Now that we’re on the same page, what is it that makes him so special? It could be his batshit crazy stories. Take a look at ZEPPELINS WEST and all three DRIVE-IN books and tell me that a sane mind was responsible for these things. Maybe it’s his startling imagery. Back in the ‘Eighties, he was known as a splatterpunk. I’d disagree with the label, but considering stories like “Tight Little Stitches in a Dead Man’s Back” and novels like THE NIGHTRUNNERS, it’s a position not easily defended. Perhaps it’s his sense of humor. “Godzilla’s Twelve Step Program” and “Bob the Dinosaur Goes to Disneyland” stand out as testaments to this. He can also be a nostalgic guy. Think THE BOTTOMS and A FINE, DARK LINE.
One thing it definitely is, is his voice. It can’t be mistaken. Take his name off of a piece of work, and I guarantee you can identify him as the writer within the first page. In fact, it’s a lot like Hunter S. Thompson’s voice, in a way. Once it gets in your head, you start thinking with it. How many writers have tried imitating both of these guys? I know that Lansdale had an effect on my own work for the first few months after I first discovered him.
So . . . to the new Lansdale disciple, where does one begin? It’s hard to say. I’ve never been let down by the guy, and I can’t say that about a lot of writers. You’re good jumping in at any point. Let me tell you about his newer stuff, since that’s probably the easiest to find.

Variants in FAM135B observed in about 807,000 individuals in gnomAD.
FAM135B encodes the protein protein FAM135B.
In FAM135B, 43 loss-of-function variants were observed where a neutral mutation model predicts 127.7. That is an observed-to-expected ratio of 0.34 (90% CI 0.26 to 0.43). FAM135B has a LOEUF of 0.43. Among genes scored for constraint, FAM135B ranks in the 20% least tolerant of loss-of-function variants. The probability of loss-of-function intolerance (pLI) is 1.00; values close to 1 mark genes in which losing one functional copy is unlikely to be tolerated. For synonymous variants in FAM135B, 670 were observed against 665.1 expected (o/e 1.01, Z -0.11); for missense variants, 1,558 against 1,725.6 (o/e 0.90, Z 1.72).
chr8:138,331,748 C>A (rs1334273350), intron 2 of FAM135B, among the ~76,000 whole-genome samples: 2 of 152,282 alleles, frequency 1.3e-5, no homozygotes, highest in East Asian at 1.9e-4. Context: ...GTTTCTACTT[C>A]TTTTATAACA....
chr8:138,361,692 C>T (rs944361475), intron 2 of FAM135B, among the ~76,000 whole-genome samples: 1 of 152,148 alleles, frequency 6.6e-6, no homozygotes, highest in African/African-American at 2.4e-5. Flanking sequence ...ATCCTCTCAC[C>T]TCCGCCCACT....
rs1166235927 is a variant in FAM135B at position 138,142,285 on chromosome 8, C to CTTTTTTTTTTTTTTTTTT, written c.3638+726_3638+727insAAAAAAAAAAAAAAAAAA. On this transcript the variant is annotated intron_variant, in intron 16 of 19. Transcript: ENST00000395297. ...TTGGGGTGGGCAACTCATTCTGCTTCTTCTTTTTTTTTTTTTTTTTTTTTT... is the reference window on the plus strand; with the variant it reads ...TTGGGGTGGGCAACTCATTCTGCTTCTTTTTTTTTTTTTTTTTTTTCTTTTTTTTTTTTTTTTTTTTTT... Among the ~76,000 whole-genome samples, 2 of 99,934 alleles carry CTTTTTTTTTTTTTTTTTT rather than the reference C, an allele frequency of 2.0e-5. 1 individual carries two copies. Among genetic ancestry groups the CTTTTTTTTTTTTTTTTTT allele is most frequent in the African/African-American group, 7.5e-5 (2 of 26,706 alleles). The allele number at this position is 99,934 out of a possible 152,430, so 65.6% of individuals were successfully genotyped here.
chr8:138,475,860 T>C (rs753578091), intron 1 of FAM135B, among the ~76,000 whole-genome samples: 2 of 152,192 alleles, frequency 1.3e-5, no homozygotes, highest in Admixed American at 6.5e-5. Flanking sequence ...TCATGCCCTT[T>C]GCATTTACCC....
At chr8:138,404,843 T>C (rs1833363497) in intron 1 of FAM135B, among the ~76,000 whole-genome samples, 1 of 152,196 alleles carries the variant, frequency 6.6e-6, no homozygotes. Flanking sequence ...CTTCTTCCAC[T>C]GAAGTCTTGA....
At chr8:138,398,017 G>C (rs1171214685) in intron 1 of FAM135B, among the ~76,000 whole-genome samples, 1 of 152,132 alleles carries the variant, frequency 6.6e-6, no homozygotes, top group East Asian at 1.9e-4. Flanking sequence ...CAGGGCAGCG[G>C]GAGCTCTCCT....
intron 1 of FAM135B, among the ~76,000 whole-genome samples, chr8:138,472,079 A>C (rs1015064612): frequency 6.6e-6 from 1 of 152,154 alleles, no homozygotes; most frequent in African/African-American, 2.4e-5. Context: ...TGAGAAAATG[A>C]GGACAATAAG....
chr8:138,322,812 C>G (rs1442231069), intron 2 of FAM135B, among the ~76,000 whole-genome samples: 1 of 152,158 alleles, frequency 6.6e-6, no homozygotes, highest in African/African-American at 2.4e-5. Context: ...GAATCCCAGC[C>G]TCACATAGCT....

There’s a movie being made out of CHRISTMAS WITH THE DEAD, so you’ll probably want that one. Calvin has survived the zombie apocalypse, and he’s been getting by in the world, working hard at surviving and trying not to think about the family he lost to the undead. But dammit, he wants some normalcy back in his life. This year, he doesn’t care about the zombies. Nothing’s going to stop him from putting up the Christmas decorations. The movie is being adapted by Lansdale’s son, Keith. (On a side note, Lansdale’s daughter, Kasey, is a country singer well worth looking up.)
Want something a bit crazier? Look up CLASSICS MUTILATED, edited by Jeff Conner. Lansdale’s story, “Dread Island,” is a continuation of Huck Finn . . . if Huck Finn and Tom Sawyer and Jim wound up facing off against monsters on a haunted island.
But I know one thing for sure: everyone loves Hap and Leonard. You should probably start with SAVAGE SEASON, but I started with MUCHO MOJO, and nothing bad ever happened to me. Hap and Leonard can’t possibly be any different from each other, but they’re closer than blood, and they kick ass through several gut-wrenching mysteries. In HYENAS, they get hired by a guy who wants to save his brother from getting involved with the wrong people. It sounds simple at first, but as with most things when it comes to Hap and Leonard, things get complicated fast, and everything goes off the tracks by the end. But HYENAS is a bit hard to find, so you might want to go with DEVIL RED, their most recent mass release. This time, our unlikely duo finds themselves pitted against the most deadly assassins in the world, and to make matters more ridiculous, Leonard has taken to wearing a deerstalker cap.